Arjen Dorland: ‘Chair Has to Make Extremely Difficult Decisions’
The office on the 22nd floor of ABN AMRO's headquarters in the Zuidas district of Amsterdam offers an impressive panorama of Amsterdam and its surroundings. Arjen Dorland smiles while discussing the beautiful view. ‘I do not want to enjoy it too often, because obviously I am primarily here to work.’
His résumé features an impressive list of top companies, with a highlight being his long career at Shell. There, Dorland's expertise in IT and technology made him Executive Vice President of Technical and Competitive IT in 2011. He was also a member of the national Cyber Security Council (Cyber Security Raad, CSR) and a Supervisory Board member at Robeco Group before being appointed to ABN AMRO's Supervisory Board in 2016. Dorland has been Vice Chair since May 2019. He also serves as Chair or Vice Chair at several other profit and non-profit organizations.
Since then, Dorland has seen major changes to the role of Supervisory Boards. ‘The obligations, rules and requirements keep increasing,’ he explains. ‘It never stops. Especially in the two-tier Dutch system, where you have more distance than in the Anglo-Saxon one-tier model, while the outside world often views your position as a full-time role. The number of non-financial risks and technological issues is increasing exponentially. This was already true before the financial crisis, but the climate crisis is accelerating this further. Your liability as a member of the Supervisory Board automatically grows with it.’
Dorland describes his positions as Chair or Vice Chair as ‘intense’. ‘You are often the last anchor in turbulent times. You are a kind of spider in the web – you are always switched on.’
What are the three character traits of a good Chair, compared with a Supervisory Board member?
‘Above all, they must be able to remain calm and objective in turbulent times. Secondly, you have to be able to make extremely difficult decisions. Nobody else will make them for you, especially if there is a problem with the CEO. The Chair also has an important role when it comes to the wellbeing of the entire Board. You really have to form a team and ensure that the team is successful. Again, nobody else is going to do that for you.’
Globally, we have noticed that the role of the Supervisory Board Chair is increasingly outward looking. Have you also noticed that, and is that a good thing?
‘There is a difference between two-tier and one-tier Boards. In the one-tier Boards, you have a much more active role in the foreground as a Supervisory Board member. In the two-tier Board, like at ABN AMRO, the CEO is the one who comes out first. The CEO is in charge of the day-to-day management. Investors and large shareholders want to talk to the Chair, of course, but you should never do that without the CEO. A certain degree of restraint is required.’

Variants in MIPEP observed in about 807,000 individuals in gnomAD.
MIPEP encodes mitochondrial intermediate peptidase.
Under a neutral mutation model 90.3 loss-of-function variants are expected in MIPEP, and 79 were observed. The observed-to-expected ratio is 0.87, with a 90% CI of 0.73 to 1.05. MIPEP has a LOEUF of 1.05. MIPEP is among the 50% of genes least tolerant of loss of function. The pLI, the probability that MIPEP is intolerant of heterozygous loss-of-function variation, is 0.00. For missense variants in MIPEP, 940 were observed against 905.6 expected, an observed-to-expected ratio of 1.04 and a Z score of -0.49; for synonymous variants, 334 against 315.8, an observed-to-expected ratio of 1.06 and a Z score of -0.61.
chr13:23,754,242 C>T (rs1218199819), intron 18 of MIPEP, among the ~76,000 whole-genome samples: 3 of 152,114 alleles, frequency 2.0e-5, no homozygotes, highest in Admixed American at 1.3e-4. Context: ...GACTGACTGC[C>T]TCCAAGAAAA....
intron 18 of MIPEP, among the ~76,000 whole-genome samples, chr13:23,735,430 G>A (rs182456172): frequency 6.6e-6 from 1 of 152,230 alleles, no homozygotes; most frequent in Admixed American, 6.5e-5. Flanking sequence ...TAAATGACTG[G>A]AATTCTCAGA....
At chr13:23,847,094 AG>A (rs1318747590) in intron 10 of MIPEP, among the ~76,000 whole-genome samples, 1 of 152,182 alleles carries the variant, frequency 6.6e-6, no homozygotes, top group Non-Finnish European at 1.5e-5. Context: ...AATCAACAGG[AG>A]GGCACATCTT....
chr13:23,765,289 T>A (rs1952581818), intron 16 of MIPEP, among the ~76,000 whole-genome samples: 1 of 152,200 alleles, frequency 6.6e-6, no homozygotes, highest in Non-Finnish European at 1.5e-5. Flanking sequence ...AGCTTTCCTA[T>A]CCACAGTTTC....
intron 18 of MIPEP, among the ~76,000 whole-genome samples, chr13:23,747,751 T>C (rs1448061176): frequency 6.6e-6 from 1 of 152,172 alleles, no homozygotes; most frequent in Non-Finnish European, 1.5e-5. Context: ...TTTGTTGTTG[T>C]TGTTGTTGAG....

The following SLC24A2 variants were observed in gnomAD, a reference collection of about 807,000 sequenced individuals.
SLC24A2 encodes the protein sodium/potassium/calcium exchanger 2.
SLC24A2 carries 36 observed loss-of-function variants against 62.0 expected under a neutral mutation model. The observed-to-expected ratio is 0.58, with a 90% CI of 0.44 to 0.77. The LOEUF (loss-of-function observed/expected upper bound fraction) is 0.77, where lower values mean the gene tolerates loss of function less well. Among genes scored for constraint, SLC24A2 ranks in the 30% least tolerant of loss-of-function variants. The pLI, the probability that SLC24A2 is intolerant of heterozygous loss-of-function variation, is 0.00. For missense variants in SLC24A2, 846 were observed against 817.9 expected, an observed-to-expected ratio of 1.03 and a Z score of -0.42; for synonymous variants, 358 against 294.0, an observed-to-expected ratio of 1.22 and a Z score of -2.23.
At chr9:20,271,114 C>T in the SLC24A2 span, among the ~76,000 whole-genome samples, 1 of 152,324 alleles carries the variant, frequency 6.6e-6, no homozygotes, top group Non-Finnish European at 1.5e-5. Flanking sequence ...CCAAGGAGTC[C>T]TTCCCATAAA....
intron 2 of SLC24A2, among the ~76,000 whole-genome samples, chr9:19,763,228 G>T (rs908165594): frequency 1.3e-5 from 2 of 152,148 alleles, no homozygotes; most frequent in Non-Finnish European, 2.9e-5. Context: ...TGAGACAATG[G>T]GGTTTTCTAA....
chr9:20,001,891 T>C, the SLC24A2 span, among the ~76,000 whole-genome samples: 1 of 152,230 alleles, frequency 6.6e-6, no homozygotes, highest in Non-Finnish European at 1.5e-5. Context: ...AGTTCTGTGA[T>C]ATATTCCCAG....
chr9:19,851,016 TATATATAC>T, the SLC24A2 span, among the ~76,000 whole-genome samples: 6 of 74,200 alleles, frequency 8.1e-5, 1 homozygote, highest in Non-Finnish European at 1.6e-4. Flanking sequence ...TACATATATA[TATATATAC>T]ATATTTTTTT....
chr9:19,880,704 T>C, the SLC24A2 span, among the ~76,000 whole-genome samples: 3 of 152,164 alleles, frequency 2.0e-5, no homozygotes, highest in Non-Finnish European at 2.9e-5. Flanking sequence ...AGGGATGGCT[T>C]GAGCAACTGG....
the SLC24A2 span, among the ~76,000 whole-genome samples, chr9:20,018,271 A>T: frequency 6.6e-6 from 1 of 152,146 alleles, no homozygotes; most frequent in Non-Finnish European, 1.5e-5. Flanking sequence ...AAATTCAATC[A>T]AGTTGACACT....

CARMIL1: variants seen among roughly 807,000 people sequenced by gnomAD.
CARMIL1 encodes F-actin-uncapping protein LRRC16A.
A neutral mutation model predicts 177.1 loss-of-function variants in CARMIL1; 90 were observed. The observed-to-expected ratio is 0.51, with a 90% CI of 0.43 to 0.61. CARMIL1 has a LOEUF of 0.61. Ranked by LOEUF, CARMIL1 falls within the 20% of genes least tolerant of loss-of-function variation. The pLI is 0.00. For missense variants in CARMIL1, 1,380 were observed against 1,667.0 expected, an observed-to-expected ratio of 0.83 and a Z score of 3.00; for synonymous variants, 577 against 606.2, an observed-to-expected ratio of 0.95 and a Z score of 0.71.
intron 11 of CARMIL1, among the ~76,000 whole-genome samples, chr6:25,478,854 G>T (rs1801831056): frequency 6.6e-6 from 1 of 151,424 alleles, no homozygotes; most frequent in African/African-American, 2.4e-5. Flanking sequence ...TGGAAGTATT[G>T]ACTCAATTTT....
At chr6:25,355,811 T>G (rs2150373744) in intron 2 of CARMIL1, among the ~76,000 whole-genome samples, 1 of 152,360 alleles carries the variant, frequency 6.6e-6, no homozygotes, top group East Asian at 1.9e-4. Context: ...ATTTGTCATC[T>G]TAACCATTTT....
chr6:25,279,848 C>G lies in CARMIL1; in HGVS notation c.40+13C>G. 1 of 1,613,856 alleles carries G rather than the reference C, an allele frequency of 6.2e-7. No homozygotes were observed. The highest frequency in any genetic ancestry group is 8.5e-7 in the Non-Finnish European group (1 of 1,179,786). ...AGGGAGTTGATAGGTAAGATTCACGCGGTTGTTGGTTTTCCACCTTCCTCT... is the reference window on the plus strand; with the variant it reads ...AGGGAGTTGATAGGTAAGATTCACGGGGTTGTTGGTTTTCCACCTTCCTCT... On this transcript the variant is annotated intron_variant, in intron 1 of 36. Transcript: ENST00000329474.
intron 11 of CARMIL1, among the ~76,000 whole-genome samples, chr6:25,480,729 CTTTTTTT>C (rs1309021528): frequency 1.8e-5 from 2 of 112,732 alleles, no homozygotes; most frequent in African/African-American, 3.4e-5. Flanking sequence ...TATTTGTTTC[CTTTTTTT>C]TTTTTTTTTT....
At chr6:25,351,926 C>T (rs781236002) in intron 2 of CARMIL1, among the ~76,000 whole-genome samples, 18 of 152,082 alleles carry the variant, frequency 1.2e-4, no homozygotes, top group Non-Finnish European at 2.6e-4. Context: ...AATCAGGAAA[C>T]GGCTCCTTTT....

Your role as Supervisory Board member has become more intense and you have to be more outgoing than before. Are the roles blurred?
‘There is always a risk and it is a balancing act. There needs to be good communication and transparency between the Supervisory Board and the Board of Directors. Tensions between the two are not conducive to productivity.’
You are known for your outspoken views on diversity. What do you think are the key issues right now?
‘You cannot and should not want to do without diverse talent anymore, and talented individuals can be found everywhere. Clients come from all walks of life, and the organization wants to reflect that. Diversity in strategy formulation and execution makes companies stronger. It also avoids pigeonholing. The broader the vision, the better it is.
I worked in an international company with many different cultures. The input came from everywhere, which was great. The atmosphere is different when the Board only consists of men. Of course, the issue does not just concern gender – diversity in cultural backgrounds is equally important.’
How do you deal with that? The Board includes a group of people with broad experience, but they do not necessarily know the industry or the company.
‘When you form a Board, you create a collective profile. In consultation with shareholders and other stakeholders, you describe the needs of the organization. You need to find a mix of people with industry knowledge. You have to have bankers at a bank, but not everyone needs to be a former banker. You also need generalists, you need digital knowledge and someone with an understanding of accountancy and the legal side of things. Then you start looking for those people – and preferably keep it as diverse as possible.
In the past, headhunters often only came up with male candidates. My experience today is that a longlist is much more diverse without putting in any great effort on your own part. Certainly in the last five years that has changed very much for the better. The argument in the past was that there were not enough experienced women, but that really is not true. They are there and findable. There are many reasons for diversity, but I do not really think a quota should be required by law. The motivation should come from the organization itself. By way of example, we now have four women on ABN AMRO’s Supervisory Board. That was not necessarily a conscious decision – we just selected the best candidates. You consider who best fits the profile, and then you make a decision.’